US officials condemned on Tuesday night Palestinian Authority President Mahmoud Abbas's anti-Semitic speech at the Palestinian National Council (PNC) conference in Ramallah.
Abbas "has reached a new low in attributing the cause of massacres of Jewish people over the years to their 'social behavior relating to interest and banks,'" said US Ambassador to Israel David Friedman on Twitter.
"To all those who think Israel is the reason that we don't have peace, think again," he added.
Jason Greenblatt, US President Donald Trump's envoy to the Middle East, asserted the speech "must be unconditionally condemned by all."
Abbas's remarks, Greenblatt added, "are very unfortunate, very distressing and terribly disheartening. Peace cannot be built on this kind of foundation."
In his speech Monday, the Palestinian leader repeated conspiracy theories about the Jews' origins and their ties to the land of Israel, reminiscent of a speech he made three months ago in which he wished upon Trump "May your house come to ruin."
"The Jewish question that was widespread throughout Europe was not against their religion, but against their social function, which relates to usury and banking and such," Abbas said on Monday.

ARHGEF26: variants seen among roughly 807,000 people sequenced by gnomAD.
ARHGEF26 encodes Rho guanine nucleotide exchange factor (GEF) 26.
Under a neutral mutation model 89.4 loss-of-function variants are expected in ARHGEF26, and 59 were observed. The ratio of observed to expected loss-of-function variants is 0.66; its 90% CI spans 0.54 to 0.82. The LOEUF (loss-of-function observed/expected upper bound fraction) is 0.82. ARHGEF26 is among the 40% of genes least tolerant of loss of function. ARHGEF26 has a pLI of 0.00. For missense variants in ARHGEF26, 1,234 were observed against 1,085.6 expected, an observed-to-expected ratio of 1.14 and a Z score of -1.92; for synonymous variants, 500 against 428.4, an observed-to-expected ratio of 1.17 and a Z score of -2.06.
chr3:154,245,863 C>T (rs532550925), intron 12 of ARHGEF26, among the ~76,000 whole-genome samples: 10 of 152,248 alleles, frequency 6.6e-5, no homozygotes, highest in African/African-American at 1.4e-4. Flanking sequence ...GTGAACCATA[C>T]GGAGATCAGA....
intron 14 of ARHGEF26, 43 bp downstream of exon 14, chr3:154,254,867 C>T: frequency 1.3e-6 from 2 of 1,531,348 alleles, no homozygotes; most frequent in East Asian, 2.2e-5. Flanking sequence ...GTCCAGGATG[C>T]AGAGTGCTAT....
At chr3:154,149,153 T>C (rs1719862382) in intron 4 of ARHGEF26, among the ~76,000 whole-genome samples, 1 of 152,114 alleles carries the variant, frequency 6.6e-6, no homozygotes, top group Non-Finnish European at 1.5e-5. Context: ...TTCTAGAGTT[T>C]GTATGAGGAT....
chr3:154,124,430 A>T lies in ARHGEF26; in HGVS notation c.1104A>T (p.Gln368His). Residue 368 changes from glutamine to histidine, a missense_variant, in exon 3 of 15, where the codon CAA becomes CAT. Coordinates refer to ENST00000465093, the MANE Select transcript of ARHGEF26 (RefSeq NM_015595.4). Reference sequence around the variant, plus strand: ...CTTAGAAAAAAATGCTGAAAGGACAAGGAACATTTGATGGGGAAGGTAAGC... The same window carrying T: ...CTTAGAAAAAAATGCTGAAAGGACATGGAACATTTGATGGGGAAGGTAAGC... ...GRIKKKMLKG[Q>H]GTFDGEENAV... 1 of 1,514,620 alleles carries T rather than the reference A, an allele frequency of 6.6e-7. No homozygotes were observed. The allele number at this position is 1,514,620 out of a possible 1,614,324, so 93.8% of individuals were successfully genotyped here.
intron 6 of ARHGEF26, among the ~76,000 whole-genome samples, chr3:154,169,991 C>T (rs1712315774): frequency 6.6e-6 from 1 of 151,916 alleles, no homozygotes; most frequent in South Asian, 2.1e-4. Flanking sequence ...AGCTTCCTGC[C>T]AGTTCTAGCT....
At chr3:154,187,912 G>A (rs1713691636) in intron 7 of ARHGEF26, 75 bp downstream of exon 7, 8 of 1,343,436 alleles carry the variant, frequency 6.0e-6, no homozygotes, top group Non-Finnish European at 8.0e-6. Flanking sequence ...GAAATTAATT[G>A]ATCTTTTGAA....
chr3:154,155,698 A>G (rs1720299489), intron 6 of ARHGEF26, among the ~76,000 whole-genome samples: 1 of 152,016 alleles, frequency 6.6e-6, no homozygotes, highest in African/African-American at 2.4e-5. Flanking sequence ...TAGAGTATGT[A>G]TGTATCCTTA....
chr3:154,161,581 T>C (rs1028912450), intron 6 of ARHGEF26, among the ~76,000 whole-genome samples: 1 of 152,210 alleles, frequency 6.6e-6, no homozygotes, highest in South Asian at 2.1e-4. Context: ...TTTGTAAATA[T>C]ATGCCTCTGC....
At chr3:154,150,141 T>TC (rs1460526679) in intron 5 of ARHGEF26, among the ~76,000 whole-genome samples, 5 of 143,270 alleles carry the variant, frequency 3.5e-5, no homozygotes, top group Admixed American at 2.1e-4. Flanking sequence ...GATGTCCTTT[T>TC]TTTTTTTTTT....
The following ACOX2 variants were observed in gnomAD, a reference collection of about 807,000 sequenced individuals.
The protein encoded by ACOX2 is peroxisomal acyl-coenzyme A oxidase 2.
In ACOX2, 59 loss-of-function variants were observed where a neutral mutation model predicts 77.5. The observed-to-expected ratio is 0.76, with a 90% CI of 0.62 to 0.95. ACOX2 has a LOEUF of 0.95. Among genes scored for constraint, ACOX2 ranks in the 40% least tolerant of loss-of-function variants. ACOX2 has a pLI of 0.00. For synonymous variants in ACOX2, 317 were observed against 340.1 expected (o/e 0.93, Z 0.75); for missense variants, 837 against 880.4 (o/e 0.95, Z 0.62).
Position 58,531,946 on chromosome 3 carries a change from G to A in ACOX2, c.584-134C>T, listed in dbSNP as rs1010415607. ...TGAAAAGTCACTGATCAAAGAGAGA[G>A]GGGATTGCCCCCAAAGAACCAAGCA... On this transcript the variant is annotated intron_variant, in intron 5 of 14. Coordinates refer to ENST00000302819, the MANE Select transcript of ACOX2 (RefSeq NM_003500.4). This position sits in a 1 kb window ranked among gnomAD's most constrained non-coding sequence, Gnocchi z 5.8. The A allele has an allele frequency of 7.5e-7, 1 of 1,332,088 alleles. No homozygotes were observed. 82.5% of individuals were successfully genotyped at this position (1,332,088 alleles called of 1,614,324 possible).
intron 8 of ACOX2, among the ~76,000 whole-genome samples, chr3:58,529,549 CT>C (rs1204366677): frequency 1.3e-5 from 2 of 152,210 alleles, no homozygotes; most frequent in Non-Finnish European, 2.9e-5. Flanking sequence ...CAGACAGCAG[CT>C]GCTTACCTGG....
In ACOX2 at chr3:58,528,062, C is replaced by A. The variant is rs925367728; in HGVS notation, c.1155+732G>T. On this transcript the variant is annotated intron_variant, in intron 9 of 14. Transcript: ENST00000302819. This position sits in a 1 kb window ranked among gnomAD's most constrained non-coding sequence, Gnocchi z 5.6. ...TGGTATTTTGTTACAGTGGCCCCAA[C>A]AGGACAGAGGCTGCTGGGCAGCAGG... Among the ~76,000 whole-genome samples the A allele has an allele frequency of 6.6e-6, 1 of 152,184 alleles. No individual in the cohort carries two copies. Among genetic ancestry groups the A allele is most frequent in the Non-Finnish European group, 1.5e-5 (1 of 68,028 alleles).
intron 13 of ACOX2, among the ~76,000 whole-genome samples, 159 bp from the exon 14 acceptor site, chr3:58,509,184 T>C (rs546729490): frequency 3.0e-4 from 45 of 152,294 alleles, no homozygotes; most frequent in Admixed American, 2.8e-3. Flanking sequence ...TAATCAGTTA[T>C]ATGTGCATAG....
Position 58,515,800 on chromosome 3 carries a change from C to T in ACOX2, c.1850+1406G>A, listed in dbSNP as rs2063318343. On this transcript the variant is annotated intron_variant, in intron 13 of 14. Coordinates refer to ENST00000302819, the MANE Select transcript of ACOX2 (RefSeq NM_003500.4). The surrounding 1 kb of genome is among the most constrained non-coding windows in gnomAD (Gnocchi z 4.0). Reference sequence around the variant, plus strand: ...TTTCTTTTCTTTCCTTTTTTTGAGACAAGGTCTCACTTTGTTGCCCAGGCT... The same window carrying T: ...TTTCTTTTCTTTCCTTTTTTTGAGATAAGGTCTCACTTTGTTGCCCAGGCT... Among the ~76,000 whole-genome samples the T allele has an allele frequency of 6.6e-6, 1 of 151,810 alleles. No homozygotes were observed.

He claimed Nazi leader Adolf Hitler offered the Jews money incentives to emigrate out of Europe to Palestine, including the option of taking all of their assets with them and selling their real state in the continent.
"He (Hitler) wanted the Jewish homeland (in Palestine) to be supportive of him," the Palestinian leader said.
Abbas also spoke about the roots of European Jewry, quoting a historian called Arthur Koestler who wrote about a "13th tribe" of Israel in the "Khazar Kingdom"—a theory that has been dismissed by other Jewish historians.
The Khazar Kingdom, Abbas said, eventually collapsed and its subjects spread throughout Europe. Those subjects, Abbas asserted, are the Ashkenazi Jews.
"They have no relationship to Semitic culture, Abraham, Jacob and others," Abbas claimed.
He also compared the treatment of European Jews to that of Jews who lived in Arab nations, saying the latter never suffered from persecution in the 1,400 years they lived there.